Movies, the theater and other cultural events can help in fighting the blues as you age. New research suggests, the more you engage in these activities, the less depressed you will be. The British study showed that older people can cut risk to depression by 32 percent by going to cultural activities every few months. If they go once a month, their risk appears to drop by 48 percent.
The study's lead author, Daisy Fancourt of University College London, said that there are probably many positive “side effects” generated by cultural participation, which seem to reduce risk of depression.
Going to concerts or the theater gets people out of the house, reduces sedentary behaviors, encourages gentle physical activity, which is protective against depression.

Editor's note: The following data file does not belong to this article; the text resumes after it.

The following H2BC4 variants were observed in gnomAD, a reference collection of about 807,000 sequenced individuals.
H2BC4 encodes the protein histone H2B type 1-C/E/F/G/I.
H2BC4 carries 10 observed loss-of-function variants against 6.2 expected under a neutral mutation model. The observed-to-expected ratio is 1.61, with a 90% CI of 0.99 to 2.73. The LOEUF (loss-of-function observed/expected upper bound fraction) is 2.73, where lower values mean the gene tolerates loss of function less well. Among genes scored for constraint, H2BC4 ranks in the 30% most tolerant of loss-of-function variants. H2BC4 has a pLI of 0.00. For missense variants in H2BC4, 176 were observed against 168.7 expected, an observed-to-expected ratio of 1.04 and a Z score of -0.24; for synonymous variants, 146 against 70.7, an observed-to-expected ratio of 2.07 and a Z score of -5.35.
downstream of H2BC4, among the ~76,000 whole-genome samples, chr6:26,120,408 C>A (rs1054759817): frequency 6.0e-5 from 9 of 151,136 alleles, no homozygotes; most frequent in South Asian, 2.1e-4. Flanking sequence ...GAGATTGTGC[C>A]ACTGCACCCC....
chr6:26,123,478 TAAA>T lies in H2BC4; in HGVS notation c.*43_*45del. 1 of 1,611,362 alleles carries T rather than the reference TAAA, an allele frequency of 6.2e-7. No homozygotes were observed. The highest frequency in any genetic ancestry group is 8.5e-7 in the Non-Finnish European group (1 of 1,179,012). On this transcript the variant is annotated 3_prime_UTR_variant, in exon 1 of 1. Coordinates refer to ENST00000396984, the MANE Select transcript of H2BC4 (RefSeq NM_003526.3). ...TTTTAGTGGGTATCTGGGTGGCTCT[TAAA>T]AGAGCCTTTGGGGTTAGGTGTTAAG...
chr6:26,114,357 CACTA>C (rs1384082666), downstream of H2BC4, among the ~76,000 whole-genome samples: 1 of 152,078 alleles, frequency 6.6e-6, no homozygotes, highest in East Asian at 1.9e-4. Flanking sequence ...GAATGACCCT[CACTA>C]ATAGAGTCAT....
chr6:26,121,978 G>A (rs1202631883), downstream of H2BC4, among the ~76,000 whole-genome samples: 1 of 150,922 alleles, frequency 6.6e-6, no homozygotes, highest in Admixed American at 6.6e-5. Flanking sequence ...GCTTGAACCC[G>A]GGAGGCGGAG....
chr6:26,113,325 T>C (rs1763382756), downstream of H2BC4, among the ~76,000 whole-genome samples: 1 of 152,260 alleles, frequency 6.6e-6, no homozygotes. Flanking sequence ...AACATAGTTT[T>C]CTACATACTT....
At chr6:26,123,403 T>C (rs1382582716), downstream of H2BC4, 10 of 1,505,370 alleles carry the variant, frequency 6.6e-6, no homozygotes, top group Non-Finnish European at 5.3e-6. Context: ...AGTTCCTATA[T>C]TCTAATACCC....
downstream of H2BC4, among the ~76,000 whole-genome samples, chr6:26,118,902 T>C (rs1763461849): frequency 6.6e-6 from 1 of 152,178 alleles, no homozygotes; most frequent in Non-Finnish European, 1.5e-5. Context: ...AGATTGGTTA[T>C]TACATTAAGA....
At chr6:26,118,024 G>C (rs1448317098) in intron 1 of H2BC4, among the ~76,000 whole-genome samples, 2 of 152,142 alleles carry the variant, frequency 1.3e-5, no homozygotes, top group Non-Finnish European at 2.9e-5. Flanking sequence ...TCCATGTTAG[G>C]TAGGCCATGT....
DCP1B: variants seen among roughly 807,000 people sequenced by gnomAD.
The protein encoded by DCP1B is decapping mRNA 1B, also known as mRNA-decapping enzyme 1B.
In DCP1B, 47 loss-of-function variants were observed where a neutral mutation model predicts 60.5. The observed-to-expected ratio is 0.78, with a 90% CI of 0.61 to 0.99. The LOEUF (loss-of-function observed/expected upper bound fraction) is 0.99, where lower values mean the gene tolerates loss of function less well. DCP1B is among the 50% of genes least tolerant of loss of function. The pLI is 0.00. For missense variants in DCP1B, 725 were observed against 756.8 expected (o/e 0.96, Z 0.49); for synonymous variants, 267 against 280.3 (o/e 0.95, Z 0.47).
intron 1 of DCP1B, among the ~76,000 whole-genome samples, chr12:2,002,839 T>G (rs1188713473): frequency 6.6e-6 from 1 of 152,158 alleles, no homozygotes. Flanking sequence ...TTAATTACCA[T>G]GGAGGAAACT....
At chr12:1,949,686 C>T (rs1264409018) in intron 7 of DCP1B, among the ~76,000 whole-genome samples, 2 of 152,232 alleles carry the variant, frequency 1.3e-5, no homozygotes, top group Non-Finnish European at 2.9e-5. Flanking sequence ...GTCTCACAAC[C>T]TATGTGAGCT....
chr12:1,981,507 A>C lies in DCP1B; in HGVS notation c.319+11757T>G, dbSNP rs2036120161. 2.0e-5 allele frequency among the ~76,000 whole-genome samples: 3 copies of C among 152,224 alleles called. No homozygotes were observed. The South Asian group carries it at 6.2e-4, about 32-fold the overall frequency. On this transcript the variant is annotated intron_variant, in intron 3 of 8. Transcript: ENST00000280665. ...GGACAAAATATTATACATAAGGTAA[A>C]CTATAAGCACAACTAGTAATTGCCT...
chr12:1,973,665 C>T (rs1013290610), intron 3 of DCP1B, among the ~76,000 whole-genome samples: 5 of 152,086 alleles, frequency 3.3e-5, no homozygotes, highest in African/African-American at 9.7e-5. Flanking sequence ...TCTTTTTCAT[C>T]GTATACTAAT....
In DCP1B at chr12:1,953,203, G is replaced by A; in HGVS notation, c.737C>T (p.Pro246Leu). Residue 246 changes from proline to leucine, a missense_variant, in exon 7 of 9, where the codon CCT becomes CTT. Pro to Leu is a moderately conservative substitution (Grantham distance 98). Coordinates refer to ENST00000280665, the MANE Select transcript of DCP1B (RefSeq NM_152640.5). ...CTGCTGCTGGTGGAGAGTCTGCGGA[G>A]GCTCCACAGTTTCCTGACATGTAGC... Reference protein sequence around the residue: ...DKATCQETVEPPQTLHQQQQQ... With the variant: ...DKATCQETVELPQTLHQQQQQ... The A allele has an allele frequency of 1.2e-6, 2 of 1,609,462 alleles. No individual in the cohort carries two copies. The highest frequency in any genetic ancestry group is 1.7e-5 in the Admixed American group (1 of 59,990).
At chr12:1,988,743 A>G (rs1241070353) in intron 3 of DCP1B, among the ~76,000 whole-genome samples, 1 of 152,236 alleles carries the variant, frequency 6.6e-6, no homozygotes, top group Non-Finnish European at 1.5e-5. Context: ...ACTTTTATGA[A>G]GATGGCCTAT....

Fancourt added that it provides social engagement, reduces social isolation and loneliness. Engaging in arts reduces stress, associated with lower stress hormones such as cortisol, and lower inflammation, which is associated with depression.
Keith Fargo, director of scientific programs and outreach with the Alzheimer's Association in Chicago says that these activities stimulate thinking, they can evoke enjoyable feelings and emotions, provide opportunities for interaction with others thus, enhancing mental health.
Also, behavioral health engagement solutions lead to better mental health.